Distinguished guests,

The new rationalised, integrated and inclusive magisterial districts will yield the following multi-faceted benefits to the affected communities:

  • Every person or community will be able to access justice services provided by a Magistrate’s Court within their own municipal area and therefore in their vicinity. In respect of metropolitan areas and large municipalities more than one magisterial district or sub-districts of a district will be established in order to alleviate congestion of cases at one court or justice service centre.
  • Regional Courts will be eligible to use a district court, sub-district or Branch Court as seats of the Regional Court concerned so that people do not have to travel outside their municipal areas to access services of a Regional Court. This will ensure that Regional Courts, in particular courts which are dedicated to special cases such as Sexual Offences Courts, are within reach of local communities. The notable drop in sexual offences cases and gender based violence which emerged when my colleague in South African Police Service released the crime statistics recently, we believe is, partly as a result of measures we have put in place in this area, including the re-establishment of Sexual Offences Courts.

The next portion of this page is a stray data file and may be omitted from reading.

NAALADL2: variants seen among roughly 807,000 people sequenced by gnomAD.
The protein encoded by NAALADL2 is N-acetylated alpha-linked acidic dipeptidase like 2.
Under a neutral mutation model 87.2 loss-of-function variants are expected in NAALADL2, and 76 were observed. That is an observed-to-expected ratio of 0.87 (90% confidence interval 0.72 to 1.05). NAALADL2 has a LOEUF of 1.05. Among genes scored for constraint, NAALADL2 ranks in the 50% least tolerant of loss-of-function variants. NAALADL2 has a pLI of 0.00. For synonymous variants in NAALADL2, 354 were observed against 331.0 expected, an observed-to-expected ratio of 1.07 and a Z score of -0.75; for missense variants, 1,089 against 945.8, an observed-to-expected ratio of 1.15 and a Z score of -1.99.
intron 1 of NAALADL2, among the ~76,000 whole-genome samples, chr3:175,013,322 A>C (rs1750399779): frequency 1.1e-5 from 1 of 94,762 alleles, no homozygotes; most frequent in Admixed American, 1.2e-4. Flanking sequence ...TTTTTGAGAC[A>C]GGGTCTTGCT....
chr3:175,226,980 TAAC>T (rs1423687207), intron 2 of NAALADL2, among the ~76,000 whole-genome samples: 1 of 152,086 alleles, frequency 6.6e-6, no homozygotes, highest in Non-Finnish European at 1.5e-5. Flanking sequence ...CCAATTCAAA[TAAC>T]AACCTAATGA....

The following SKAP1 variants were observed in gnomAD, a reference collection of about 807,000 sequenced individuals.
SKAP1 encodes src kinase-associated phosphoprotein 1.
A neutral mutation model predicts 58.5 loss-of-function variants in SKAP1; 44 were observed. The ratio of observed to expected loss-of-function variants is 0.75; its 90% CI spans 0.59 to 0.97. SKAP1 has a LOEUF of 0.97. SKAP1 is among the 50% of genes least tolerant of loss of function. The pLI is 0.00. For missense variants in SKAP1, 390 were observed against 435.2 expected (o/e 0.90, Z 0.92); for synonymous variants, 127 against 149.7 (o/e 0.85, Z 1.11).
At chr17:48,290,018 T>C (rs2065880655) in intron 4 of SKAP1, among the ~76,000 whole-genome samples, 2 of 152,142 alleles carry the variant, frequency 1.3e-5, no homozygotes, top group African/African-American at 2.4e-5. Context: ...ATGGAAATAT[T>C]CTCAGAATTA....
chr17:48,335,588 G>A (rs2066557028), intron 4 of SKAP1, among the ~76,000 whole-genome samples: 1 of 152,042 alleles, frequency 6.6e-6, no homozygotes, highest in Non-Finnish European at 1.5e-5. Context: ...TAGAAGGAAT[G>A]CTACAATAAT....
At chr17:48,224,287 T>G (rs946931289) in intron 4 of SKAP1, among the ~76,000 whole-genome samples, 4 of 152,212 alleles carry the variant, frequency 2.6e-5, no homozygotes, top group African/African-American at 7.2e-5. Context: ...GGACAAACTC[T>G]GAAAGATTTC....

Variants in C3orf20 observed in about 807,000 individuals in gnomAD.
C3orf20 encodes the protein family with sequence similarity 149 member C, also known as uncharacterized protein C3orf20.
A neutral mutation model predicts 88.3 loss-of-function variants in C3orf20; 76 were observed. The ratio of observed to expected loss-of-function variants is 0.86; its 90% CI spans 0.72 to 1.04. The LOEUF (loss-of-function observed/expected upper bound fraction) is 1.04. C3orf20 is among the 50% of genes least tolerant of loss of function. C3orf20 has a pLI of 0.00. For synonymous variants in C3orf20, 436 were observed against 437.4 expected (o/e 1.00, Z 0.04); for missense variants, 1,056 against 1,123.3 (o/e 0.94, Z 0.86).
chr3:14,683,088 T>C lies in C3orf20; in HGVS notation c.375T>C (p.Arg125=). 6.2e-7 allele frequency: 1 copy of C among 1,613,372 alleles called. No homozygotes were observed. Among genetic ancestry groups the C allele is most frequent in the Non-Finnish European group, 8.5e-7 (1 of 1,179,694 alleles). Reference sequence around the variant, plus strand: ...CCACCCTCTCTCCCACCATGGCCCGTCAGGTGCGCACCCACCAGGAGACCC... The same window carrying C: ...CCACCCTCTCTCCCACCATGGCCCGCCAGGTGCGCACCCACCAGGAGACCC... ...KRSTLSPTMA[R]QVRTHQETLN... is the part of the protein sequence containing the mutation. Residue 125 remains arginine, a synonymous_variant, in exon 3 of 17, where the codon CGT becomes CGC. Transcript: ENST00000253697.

• In respect of High Courts there will be a seat for a Division of the High Court in each of the nine provinces so as to ensure that communities are able to access services of a High Court in the province of their residence. The construction of the Limpopo and Mpumalanga seats of the High Court which are currently underway is part of this reform process. I am pleased to announce that the Limpopo Division of the High Court will start to function as a separate Division from the North Gauteng High Court just after the sitting of the Judicial Service Commission of April 2015. I am hopeful that by that time the President would have determined the number of judges of the said Division. The Mpumalanga Division of the High Court will be officially launched a year after the Limpopo Division.